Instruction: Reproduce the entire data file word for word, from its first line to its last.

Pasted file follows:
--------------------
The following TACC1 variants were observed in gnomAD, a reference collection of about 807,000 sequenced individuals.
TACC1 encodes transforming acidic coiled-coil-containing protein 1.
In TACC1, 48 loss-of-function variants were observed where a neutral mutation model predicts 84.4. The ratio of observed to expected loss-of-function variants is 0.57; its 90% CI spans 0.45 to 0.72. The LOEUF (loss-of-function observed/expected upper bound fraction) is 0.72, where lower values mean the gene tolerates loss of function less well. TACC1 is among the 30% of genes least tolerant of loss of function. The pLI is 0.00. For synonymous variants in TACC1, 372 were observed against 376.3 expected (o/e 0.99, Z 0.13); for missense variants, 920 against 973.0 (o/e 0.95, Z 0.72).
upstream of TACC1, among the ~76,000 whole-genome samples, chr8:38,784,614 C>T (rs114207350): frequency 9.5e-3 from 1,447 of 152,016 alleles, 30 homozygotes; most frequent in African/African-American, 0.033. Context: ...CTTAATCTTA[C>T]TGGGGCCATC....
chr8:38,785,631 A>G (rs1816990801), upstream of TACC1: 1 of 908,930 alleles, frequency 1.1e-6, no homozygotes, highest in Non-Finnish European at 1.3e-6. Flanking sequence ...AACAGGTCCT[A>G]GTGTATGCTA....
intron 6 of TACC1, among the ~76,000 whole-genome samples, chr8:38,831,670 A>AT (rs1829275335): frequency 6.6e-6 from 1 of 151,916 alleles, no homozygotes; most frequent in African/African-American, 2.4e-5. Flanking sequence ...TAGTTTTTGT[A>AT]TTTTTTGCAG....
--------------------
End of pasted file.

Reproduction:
The following TACC1 variants were observed in gnomAD, a reference collection of about 807,000 sequenced individuals.
TACC1 encodes transforming acidic coiled-coil-containing protein 1.
In TACC1, 48 loss-of-function variants were observed where a neutral mutation model predicts 84.4. The ratio of observed to expected loss-of-function variants is 0.57; its 90% CI spans 0.45 to 0.72. The LOEUF (loss-of-function observed/expected upper bound fraction) is 0.72, where lower values mean the gene tolerates loss of function less well. TACC1 is among the 30% of genes least tolerant of loss of function. The pLI is 0.00. For synonymous variants in TACC1, 372 were observed against 376.3 expected (o/e 0.99, Z 0.13); for missense variants, 920 against 973.0 (o/e 0.95, Z 0.72).
upstream of TACC1, among the ~76,000 whole-genome samples, chr8:38,784,614 C>T (rs114207350): frequency 9.5e-3 from 1,447 of 152,016 alleles, 30 homozygotes; most frequent in African/African-American, 0.033. Context: ...CTTAATCTTA[C>T]TGGGGCCATC....
chr8:38,785,631 A>G (rs1816990801), upstream of TACC1: 1 of 908,930 alleles, frequency 1.1e-6, no homozygotes, highest in Non-Finnish European at 1.3e-6. Flanking sequence ...AACAGGTCCT[A>G]GTGTATGCTA....
intron 6 of TACC1, among the ~76,000 whole-genome samples, chr8:38,831,670 A>AT (rs1829275335): frequency 6.6e-6 from 1 of 151,916 alleles, no homozygotes; most frequent in African/African-American, 2.4e-5. Flanking sequence ...TAGTTTTTGT[A>AT]TTTTTTGCAG....